Indianapolis Barry Collier said only one job could have taken him away from Nebraska.
He officially accepted it on Tuesday afternoon, becoming the new athletic director at Butler, his alma mater.
Collier, 52, who ran Butler's basketball program from 1989-2000, was the Bulldogs' winningest coach and was inducted into the school's Hall of Fame on Saturday.
"I want to be able to give back to Butler in a way I've never done before. It's an exciting change. It's not about me, it's about what needs to be done for Butler University," Collier said.
The Cornhuskers finished 19-14 last season but lost six of their last eight regular-season games to finish in sixth place in the Big 12 at 7-9. They knocked off Missouri and Oklahoma to reach the semifinals of the Big 12 tournament.
The Huskers lost to Hofstra in the first round of the NIT Tournament.
Collier said he felt good about the second half of his six-year career at Nebraska.
"I do know that as a program, we had our best year last year," he said. "I feel good about where the program is. Were this opportunity not available, I'd still be coaching at Nebraska today."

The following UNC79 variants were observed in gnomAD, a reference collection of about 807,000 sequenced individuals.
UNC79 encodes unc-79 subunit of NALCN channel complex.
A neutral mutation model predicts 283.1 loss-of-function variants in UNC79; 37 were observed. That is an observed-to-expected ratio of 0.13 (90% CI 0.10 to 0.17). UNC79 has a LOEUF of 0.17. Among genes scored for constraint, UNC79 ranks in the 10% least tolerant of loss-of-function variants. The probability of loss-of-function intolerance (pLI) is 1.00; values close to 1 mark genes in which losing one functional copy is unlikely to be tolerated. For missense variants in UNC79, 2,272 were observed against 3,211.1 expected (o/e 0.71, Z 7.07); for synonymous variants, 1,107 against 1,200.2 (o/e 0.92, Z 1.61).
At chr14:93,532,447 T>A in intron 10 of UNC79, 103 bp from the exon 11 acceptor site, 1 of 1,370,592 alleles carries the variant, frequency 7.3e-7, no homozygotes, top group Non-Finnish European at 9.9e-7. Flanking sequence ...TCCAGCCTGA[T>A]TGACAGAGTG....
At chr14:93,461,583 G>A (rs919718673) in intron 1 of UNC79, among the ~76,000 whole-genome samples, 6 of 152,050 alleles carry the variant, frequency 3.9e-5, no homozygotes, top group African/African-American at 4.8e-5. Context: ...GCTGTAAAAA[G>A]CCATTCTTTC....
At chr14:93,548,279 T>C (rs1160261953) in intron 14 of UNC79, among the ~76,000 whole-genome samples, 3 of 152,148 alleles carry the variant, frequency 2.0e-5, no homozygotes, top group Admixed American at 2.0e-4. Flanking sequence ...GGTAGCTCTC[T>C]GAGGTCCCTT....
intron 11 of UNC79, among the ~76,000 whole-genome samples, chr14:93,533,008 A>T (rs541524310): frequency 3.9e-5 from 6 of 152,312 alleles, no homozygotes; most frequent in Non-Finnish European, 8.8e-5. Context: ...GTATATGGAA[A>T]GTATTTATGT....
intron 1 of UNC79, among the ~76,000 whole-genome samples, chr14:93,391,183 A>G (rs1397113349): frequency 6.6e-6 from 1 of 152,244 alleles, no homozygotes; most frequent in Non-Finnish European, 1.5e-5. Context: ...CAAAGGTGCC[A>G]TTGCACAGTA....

Collier left Butler in 2000, going 196-132 with winning records in all but two of his 11 years. As a player at Butler, Collier was the team's co-MVP in 1975-76. His love for the school hasn't waned.
"I'm a pent-up, leashed dog right now, and I can't wait to get started for Butler University."
At NU, athletic director Steve Pederson said he and associate athletic director Marc Boehm hoped to tap a coach by the start of the semester.
"We will find a leader who will believe there are no obstacles to our success. Will this happen overnight? No, it will not. Will it happen? Absolutely," Pederson said.
Pederson said a firm that assists in athletic-related searches probably would be hired to screen candidates.
It's an awkward time to conduct a search, with the fall semester beginning Aug. 21 and preseason practice starting Oct. 13.
A key recruiting contact period begins Sept. 9.
"The timing of this opening is unusual," Pederson said. "We hope top candidates will be available to move. If that timing becomes a road block, we'll look at possible interim solutions. However, that's not our first priority."